Brax: Now that said, since we're talking about areas, the world is turning out to be much larger than you realize. We talk about this a lot here. When you don't have a map, and you don't have a compass, the world gets very large, very quickly. But that's a good thing, you get to know your local area. That opens up a whole industry of guides and local knowledge, I think that's great.
Actually just the night before the podcast I was showing the guys a new place that I've been sculpting, and I got lost. And I've been sculpting it for the last day or two. So I guess to sum it up, don't worry about the world feeling boxed in. It doesn't have that feel, it truly doesn't. We've got volcanoes, we've got high mountains, we've got valleys and swamps, lots of forest, jungle, plains, deserts, scrublands, you name it. We've got arctic, and we've got a number of easter eggs in there for you already. The point being, don't get hung up so much on the fact that you come up against impassable terrain. It's there by design.
Yes, you will be able to crouch.
Will we have clothes that have the same colour as the environment?
You see, that's the problem. Because of budget, we're going to make everything in hot pink. ;)
I'm kidding, yeah, your colours will certainly be able to be hued in various different shades.
Well, when you hit zero hit points you go unconscious. We have a stat that will determine when you cross from unconsciousness to death. The more damage you took before you went unconscious just means your closer to death. Which also means it will take you longer to wake up from unconsciousness. So basically, if you had 1 hit point and somebody came up to you and just poked you a little bit, you're going to be unconscious for a couple of seconds. If somebody came up and they hit you with a mace up side your head, then chances are you're going to be unconscious for quite a bit longer.
At this point, we don't know. I will admit it's much easier to talk about this than to type about it. But no, we'll probably jump into IRC from time to time. I don't know if we'll full on chat about it, I mean shoot, we might just do a Skype and invite everybody to listen to us. We're not sure at this point.
The logout method is very simple actually. When you hit logout, you'll sit down and you won't be able to take any actions for a certain amount of time, say 15 to 30 seconds. If you do take any action or damage during that time, it will reset your timer.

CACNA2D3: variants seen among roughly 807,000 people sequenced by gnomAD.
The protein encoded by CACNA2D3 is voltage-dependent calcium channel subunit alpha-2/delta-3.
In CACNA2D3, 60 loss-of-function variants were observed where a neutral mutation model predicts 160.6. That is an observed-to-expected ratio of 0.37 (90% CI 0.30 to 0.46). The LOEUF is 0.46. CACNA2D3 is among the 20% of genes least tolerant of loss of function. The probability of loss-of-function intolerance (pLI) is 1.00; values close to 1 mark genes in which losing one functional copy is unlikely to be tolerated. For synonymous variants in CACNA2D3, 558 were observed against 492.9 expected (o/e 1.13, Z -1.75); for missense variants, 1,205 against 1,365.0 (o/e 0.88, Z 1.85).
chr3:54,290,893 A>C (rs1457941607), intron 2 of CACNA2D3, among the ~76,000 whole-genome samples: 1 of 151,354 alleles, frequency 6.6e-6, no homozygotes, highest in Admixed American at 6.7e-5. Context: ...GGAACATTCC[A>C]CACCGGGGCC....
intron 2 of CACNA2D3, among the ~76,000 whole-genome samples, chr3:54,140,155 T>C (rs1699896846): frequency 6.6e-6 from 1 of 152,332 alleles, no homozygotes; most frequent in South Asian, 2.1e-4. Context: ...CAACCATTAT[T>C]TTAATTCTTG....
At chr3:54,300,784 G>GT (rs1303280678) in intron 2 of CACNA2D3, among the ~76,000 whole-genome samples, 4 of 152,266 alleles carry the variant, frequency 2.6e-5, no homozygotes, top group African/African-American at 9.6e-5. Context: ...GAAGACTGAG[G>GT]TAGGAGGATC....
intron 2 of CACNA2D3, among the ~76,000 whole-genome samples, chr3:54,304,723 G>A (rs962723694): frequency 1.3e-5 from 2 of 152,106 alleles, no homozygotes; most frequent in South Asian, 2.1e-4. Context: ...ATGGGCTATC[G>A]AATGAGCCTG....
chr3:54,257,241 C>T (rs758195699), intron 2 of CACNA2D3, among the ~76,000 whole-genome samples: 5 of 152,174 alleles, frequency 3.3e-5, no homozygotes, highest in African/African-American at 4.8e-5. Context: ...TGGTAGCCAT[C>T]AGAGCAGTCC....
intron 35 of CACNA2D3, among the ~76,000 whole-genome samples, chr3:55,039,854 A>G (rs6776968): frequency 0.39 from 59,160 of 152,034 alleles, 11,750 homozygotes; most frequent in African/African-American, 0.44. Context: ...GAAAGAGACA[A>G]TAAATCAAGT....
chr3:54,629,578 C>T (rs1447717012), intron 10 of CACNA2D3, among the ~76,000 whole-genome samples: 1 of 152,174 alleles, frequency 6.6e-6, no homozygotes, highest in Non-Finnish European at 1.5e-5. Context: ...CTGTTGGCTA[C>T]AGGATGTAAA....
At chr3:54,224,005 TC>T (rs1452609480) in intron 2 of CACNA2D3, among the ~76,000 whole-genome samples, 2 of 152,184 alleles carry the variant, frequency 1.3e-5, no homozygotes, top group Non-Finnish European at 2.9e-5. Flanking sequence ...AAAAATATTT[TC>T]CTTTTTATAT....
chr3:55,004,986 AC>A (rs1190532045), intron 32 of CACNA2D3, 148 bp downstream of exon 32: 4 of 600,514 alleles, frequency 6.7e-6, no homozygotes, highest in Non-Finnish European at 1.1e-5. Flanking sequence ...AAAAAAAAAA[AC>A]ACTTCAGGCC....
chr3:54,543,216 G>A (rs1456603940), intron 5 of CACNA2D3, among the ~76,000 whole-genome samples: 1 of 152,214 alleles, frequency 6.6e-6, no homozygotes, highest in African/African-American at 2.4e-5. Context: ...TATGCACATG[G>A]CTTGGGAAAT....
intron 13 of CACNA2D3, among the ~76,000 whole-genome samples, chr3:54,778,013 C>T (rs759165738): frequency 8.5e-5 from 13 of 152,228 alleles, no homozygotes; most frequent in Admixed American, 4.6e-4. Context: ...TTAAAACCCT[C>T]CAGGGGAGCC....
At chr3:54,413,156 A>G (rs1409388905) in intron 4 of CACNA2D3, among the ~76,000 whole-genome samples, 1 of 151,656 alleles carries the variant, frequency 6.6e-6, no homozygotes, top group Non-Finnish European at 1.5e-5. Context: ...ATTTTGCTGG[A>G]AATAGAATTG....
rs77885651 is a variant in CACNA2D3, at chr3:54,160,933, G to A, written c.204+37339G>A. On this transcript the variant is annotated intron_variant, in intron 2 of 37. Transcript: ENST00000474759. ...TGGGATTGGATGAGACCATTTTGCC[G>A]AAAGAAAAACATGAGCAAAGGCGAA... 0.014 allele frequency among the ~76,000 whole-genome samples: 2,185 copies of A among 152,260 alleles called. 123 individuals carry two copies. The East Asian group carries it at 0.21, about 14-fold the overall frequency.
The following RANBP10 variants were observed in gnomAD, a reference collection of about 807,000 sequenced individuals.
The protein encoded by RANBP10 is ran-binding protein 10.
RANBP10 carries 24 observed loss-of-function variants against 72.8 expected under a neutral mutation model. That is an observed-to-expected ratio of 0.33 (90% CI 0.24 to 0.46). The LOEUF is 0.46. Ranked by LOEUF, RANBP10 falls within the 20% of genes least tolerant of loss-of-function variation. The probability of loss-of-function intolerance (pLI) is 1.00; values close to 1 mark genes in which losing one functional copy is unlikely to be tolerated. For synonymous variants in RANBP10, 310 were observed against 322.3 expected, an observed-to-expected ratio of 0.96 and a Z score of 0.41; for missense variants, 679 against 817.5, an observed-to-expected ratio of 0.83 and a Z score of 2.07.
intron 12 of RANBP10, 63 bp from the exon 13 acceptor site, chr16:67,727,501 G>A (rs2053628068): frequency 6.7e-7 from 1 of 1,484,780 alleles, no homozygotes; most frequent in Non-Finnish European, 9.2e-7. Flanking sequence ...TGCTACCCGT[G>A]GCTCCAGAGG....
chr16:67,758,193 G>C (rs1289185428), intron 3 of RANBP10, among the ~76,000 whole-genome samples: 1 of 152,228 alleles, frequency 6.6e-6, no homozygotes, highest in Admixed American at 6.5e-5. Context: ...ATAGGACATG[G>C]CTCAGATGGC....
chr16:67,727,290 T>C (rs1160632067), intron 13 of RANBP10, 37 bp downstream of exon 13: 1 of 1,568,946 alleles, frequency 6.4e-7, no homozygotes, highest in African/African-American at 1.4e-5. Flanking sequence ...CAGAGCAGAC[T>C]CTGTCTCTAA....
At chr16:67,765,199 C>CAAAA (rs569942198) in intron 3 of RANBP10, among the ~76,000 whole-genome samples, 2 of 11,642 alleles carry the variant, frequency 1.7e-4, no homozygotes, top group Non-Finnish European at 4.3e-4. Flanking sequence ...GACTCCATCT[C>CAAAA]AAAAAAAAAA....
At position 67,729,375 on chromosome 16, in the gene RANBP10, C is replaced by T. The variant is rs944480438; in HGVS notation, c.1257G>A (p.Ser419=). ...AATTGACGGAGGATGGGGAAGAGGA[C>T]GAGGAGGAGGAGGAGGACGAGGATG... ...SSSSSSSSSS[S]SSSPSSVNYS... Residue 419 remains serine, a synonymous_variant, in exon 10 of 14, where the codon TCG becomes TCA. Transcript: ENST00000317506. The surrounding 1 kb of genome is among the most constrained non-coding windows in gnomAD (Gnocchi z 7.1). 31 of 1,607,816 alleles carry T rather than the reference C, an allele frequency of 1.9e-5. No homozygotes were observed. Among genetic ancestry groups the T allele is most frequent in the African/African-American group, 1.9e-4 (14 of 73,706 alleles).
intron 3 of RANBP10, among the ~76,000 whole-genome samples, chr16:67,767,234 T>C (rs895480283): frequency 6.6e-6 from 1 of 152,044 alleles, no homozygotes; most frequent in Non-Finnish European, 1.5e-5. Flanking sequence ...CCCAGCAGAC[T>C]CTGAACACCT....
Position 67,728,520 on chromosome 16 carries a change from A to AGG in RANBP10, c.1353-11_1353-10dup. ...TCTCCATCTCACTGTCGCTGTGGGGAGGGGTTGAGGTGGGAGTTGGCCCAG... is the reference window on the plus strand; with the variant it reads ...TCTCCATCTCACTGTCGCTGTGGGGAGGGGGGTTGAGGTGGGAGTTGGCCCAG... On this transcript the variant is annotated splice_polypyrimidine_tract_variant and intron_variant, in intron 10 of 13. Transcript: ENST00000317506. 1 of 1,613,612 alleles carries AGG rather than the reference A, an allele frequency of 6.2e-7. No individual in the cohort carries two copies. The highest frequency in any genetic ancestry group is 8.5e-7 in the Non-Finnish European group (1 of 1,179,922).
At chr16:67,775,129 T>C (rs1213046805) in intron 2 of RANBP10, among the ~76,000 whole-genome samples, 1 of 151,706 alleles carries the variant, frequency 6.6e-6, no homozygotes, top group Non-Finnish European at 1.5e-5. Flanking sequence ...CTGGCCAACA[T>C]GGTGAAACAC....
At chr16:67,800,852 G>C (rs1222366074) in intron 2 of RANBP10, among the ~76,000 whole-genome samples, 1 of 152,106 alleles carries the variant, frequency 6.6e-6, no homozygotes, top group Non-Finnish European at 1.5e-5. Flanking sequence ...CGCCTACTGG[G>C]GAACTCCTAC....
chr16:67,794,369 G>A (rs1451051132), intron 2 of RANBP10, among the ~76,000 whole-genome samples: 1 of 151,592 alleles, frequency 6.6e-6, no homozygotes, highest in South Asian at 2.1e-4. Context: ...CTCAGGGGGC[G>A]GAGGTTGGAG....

You will not be able to initiate the logout sequence if you've been in combat within the last X number of minutes. So you can't run away from bandits, run around a tree and just log out. Or you can't just hit ALT-F4 and escape.
Yes, almost everything you'll find for your crafting stuff will be out in the world. Medicine and poisons, yes, there's going to be stuff for those. We don't have a lot planned as far as poison goes right now, it is in the design in a very simple format, but we want to really kind of go bonkers with the poison. Different effects and that sort of stuff. The majority of the ingredients will be plant based. But almost all of it you will be able to find out in the world, be it flora or fauna.
We have roughly 35 skills right now, that's up from 32 that I've posted on the website. Your standard stuff. There's combat skills, general skills and crafting skills. Magic is not a skill itself. You learn it much like the rest of the skills, by use, but it runs under its own system.
In a word, you won't. That's why we say, if you've got friends, make sure you all live in the same settlement. Make sure you all are based form the same area within the settlement. A tavern, a bar, a house. Absolutely no global chat.
Out of game, it doesn't matter to use. Log in to your Teamspeak or Ventrillo server, chat away all you want.